It wasn’t her fault. In fact, I don’t think any of the responsibility fell to her. Most often our own wounds cause us to place others on pedestals. Or even to rip them down from their rightful place.
This excerpt from C.S. Lewis’s A Grief Observed, written as he mourned his recently deceased wife, paints even more clearly this concept. Lewis realizes he must not give in to the mistake of loving the idea of God, his wife, or his neighbor, but love the person in theirreality. After all, he says,
“…don’t we often make this mistake as regards people who are still alive—who are with us in the same room? Talking and acting not to the man himself but to the picture—almost the précis—we’ve made of him in our own minds? And he has to depart from it pretty widely before we even notice the fact. In real life—that’s one way it differs from novels—his words and acts are, if we observe closely, hardly ever quite ‘in character,’ that is, in what we call his character. There’s always a card in his hand we didn’t know about.”
Lewis makes it very clear why he thinks this occurs, telling us his “reason for assuming that I do this to other people is the fact that so often I find them obviously doing it to me. We all think we’ve got one another taped.”
There’s risk in loving a real person. It means we don’t have them “taped,” it means they’re unpredictable. It means you might be able to hurt me, and I might be able to hurt you and there’s no way to plan exactly when or how to defend myself. I have to allow my brokenness and your brokenness to become our brokenness. If we desire authentic love, people cannot exist to us as a solution to our sufferings and insecurities. They must become a companion in it.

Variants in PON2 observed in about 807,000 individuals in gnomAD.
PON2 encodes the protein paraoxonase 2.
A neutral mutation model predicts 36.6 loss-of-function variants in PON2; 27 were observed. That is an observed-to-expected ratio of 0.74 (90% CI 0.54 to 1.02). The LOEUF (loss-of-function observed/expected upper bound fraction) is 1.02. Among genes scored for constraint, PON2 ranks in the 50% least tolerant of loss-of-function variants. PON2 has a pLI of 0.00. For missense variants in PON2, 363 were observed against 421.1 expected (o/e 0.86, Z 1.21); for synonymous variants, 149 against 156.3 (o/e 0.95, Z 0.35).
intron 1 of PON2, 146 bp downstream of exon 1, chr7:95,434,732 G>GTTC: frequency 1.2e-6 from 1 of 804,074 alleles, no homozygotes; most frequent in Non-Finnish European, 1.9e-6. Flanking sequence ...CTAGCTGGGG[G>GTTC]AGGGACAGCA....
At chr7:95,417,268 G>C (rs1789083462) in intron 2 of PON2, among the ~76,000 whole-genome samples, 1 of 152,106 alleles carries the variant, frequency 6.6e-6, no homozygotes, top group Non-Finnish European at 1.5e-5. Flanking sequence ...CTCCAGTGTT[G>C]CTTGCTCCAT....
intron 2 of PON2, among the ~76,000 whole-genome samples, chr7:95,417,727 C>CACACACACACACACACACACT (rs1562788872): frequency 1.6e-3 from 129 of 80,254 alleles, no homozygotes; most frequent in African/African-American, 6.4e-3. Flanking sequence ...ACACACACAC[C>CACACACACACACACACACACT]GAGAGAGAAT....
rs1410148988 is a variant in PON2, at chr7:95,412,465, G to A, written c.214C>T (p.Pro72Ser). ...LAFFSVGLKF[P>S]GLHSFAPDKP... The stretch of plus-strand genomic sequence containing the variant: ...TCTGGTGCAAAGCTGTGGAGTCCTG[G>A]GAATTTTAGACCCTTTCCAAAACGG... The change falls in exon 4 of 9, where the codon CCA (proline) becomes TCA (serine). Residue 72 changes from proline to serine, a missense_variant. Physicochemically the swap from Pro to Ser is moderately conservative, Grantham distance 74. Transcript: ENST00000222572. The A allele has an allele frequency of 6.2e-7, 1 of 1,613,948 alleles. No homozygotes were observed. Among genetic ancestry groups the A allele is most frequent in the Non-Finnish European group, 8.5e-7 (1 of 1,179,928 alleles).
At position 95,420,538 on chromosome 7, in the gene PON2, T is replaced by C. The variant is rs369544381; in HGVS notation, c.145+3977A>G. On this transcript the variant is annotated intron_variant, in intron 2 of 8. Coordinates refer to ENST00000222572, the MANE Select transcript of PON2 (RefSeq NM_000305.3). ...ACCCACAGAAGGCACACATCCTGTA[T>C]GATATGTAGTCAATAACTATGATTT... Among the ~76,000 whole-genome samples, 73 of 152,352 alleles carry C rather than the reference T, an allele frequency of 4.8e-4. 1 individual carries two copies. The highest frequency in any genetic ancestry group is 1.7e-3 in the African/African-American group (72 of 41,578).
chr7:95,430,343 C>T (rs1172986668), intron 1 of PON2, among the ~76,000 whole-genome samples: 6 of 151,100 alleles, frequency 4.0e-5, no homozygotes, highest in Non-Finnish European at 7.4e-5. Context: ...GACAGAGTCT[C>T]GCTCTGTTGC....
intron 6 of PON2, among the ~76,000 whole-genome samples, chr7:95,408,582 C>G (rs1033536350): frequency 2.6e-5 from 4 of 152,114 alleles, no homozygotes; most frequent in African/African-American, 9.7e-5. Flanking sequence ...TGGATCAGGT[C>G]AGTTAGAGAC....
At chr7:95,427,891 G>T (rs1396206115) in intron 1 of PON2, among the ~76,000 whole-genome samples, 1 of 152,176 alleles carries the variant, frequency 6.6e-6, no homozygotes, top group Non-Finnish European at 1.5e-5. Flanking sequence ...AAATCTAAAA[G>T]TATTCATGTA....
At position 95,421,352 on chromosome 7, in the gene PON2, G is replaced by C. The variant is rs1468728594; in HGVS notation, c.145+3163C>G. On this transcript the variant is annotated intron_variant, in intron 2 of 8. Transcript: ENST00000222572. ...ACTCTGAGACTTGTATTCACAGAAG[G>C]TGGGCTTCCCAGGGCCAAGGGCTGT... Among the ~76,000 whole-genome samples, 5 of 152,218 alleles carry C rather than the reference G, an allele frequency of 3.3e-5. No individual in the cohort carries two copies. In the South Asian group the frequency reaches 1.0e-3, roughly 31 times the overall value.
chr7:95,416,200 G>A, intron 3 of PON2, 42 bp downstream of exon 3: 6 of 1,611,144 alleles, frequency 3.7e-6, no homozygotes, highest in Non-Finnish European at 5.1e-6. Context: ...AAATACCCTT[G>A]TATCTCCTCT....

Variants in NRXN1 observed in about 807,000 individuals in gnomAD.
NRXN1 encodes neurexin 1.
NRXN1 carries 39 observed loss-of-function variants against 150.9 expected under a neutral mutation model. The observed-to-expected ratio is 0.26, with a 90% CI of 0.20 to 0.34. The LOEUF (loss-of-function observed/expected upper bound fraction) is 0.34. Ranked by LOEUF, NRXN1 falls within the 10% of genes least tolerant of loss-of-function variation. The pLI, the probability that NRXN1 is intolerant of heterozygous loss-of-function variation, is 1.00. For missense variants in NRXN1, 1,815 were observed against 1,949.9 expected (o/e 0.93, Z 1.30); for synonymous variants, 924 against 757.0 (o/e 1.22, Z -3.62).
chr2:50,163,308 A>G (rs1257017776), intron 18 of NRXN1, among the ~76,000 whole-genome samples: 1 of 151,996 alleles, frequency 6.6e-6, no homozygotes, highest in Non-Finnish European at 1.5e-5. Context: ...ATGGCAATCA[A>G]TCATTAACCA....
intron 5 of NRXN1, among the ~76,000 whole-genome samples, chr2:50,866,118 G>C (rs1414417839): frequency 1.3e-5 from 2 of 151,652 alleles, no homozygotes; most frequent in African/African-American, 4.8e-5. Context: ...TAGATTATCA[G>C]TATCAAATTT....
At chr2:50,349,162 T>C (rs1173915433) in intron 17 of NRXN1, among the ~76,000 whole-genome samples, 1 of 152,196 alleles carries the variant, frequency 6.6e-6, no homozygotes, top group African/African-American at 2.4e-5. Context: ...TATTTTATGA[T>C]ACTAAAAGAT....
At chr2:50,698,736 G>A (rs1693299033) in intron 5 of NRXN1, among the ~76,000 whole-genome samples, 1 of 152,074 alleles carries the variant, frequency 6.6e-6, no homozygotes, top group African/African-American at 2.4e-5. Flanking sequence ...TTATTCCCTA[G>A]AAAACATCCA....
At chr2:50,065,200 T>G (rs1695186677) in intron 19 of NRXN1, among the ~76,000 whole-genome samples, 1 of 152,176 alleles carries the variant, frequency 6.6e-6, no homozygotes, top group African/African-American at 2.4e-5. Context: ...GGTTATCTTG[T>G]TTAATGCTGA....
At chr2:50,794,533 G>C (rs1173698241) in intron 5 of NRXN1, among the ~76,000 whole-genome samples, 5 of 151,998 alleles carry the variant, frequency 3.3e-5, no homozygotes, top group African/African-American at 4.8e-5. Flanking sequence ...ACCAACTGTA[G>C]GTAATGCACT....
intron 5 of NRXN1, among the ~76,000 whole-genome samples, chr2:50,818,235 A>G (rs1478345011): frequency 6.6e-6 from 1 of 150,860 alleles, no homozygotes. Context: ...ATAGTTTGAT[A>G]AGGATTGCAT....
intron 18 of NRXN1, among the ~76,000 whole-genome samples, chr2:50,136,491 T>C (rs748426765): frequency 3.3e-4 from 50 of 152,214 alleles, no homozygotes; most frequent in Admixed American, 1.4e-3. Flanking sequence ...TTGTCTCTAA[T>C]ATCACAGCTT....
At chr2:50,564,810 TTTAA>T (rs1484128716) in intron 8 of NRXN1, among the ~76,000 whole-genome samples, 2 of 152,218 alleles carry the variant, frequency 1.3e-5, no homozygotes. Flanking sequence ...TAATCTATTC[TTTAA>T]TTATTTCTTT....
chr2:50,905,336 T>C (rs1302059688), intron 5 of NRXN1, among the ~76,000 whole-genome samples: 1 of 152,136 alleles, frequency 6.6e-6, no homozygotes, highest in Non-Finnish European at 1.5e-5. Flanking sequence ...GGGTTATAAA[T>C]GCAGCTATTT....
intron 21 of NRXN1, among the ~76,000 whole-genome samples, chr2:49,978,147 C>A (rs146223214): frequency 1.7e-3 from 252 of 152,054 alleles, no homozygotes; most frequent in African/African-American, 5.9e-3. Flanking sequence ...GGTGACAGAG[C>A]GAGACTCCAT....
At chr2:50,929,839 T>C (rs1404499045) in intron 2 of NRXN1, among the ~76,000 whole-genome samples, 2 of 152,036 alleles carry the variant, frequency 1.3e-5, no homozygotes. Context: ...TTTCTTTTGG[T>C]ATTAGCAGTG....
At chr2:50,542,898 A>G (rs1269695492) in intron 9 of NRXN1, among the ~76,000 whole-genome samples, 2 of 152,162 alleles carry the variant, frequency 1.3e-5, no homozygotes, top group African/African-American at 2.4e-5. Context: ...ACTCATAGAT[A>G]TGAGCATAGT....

Companion. From the Latin companis. To break bread with one another. Our human relationships are inseparable from that which is broken. Venerable Fulton Sheen said:
“Broken things are precious. We eat broken bread because we share in the depth of our Lord and His broken life. Broken flowers give perfume. Broken incense is used in adoration. A broken ship saved Paul and many other passengers on their way to Rome. Sometimes the only way the good Lord can get into some hearts is to break them.”
If you want to love for the sake of covering your wounds, date gauze and ACE wrap. There’s not enough bandage in the world to cover the wounds of a soul, to allow it to heal. The wounds can only be healed in the presence of the light, the open air. This is where I was afraid, and where I still find myself afraid at times as I strive to accept the truth of having to love broken people. To allow someone to fully love me, they have to see my brokenness.
We all want to fall in Love. Few of us want to admit our love is fallen. To admit how far we must fall from our pride, or more appropriately how far we must rise from our pride to authentically love another. If I am granted the gift of a wife, the gift of marriage, true love will demand our mutual admission of brokenness. And not just an admission on the broad scale, but an intimacy within our weaknesses. I will need to choose to invite her into my own insecurities as she invites me into hers. To show our portraits to each other with their own imperfections. No edits. No Photoshop.
I’ll have to bare to her the insecurities that might make me reluctant to highlight my facial profile in our engagement photos. Reveal depths of my battle against feeling inadequate for a lack of worldly achievements. The fact that I’m an open-mouth sleeper.